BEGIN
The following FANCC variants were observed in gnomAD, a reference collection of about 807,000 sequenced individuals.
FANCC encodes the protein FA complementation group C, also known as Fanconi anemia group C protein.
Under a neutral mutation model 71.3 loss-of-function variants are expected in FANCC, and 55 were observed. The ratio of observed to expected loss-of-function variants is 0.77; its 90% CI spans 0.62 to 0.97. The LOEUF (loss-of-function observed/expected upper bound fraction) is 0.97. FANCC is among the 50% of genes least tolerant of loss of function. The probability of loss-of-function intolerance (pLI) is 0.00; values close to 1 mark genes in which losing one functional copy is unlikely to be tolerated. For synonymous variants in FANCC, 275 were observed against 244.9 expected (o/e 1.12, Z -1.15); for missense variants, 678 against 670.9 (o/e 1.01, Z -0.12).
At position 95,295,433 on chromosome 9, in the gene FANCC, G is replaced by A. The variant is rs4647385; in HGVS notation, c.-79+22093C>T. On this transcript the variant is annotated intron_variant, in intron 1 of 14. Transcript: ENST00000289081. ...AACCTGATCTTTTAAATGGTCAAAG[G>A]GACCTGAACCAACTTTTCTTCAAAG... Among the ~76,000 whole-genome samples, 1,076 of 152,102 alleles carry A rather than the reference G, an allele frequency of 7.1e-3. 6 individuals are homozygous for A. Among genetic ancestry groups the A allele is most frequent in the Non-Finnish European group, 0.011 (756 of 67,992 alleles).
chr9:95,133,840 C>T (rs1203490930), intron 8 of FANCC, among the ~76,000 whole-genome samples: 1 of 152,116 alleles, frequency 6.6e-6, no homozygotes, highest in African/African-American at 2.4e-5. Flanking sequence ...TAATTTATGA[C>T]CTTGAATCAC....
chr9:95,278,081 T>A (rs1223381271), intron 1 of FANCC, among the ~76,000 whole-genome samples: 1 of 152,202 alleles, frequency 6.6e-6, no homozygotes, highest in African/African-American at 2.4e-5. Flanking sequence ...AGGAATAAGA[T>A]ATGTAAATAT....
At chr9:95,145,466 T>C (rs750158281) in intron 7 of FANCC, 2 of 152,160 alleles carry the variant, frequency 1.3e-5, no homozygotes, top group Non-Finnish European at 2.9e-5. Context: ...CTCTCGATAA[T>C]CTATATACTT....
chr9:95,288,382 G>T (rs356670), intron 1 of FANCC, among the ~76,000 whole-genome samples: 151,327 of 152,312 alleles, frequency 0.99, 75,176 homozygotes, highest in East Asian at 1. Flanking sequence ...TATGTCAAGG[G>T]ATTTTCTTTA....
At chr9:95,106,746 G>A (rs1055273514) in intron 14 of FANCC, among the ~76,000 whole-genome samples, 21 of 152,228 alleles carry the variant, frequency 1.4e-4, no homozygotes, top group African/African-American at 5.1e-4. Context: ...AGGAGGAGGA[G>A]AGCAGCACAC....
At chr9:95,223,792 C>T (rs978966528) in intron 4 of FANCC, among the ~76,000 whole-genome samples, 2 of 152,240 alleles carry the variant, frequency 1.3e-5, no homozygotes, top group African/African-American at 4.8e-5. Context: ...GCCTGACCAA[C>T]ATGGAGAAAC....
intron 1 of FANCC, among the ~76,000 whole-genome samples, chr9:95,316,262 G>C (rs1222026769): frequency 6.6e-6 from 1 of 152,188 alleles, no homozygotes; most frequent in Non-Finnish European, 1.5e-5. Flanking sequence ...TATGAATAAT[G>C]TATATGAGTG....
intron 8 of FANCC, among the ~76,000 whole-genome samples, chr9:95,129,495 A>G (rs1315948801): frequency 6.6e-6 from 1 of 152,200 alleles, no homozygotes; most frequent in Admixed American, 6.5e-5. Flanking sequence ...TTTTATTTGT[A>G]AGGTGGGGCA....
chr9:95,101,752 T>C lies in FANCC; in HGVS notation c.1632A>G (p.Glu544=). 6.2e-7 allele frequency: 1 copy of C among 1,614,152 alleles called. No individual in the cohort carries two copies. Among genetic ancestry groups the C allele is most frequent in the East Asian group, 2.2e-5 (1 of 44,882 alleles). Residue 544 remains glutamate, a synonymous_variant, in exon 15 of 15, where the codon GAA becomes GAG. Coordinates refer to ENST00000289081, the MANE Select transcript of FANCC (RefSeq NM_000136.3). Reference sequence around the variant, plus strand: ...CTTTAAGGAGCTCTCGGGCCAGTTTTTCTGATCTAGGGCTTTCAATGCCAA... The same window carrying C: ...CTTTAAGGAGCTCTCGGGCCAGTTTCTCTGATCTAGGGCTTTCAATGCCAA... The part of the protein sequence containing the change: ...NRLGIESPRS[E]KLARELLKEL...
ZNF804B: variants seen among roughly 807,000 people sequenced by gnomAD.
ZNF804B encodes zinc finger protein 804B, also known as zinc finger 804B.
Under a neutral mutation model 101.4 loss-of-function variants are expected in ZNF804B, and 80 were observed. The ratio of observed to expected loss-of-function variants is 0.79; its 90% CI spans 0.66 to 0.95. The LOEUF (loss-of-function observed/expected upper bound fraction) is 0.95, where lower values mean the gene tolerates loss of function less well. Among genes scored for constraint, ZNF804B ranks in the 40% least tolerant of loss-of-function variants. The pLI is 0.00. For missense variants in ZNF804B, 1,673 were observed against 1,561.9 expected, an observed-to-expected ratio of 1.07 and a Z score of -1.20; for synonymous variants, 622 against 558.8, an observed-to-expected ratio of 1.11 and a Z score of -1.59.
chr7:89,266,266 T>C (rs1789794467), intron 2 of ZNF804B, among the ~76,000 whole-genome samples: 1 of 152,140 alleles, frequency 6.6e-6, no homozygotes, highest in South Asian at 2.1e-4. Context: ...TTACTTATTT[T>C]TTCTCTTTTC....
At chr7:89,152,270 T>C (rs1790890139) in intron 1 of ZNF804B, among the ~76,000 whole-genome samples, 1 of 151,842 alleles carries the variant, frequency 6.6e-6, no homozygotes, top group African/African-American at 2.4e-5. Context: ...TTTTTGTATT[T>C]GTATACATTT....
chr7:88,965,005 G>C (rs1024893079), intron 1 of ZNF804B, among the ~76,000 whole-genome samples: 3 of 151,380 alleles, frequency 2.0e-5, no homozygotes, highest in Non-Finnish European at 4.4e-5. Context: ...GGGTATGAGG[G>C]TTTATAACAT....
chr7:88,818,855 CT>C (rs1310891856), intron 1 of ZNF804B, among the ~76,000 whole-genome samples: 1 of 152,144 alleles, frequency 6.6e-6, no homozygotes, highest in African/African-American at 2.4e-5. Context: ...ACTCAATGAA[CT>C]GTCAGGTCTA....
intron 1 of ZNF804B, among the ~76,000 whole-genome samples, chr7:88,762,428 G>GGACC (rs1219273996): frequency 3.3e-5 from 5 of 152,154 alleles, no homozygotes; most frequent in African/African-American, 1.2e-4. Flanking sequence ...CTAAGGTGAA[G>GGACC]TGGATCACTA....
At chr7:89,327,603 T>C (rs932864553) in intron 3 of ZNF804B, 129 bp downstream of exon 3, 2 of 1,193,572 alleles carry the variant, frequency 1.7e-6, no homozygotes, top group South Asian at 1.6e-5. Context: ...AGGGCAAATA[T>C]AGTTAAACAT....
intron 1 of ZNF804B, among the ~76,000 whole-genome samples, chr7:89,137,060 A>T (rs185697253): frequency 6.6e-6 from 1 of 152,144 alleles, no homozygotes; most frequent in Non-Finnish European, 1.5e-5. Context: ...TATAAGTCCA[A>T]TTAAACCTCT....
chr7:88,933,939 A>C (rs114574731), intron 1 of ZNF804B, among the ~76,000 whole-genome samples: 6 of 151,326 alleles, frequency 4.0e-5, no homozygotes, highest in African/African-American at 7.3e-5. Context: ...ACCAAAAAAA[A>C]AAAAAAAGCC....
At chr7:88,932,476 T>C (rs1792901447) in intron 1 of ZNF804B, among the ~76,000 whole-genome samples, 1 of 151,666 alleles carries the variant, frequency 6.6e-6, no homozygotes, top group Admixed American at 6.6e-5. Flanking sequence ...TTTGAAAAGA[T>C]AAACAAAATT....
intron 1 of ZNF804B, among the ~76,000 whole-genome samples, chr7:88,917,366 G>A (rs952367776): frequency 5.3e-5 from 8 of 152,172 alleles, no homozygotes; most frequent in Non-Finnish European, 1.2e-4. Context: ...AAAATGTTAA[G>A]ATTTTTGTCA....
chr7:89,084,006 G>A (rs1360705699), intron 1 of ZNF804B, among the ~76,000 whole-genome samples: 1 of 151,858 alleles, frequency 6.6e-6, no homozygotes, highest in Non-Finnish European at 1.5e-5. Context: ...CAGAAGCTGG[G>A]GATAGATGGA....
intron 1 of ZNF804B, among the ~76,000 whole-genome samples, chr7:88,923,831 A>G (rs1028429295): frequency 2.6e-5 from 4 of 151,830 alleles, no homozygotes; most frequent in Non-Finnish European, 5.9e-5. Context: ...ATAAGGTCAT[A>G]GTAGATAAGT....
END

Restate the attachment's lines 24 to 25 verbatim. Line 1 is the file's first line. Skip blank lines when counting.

chr7:88,933,939 A>C (rs114574731), intron 1 of ZNF804B, among the ~76,000 whole-genome samples: 6 of 151,326 alleles, frequency 4.0e-5, no homozygotes, highest in African/African-American at 7.3e-5. Context: ...ACCAAAAAAA[A>C]AAAAAAAGCC....
At chr7:88,932,476 T>C (rs1792901447) in intron 1 of ZNF804B, among the ~76,000 whole-genome samples, 1 of 151,666 alleles carries the variant, frequency 6.6e-6, no homozygotes, top group Admixed American at 6.6e-5. Flanking sequence ...TTTGAAAAGA[T>C]AAACAAAATT....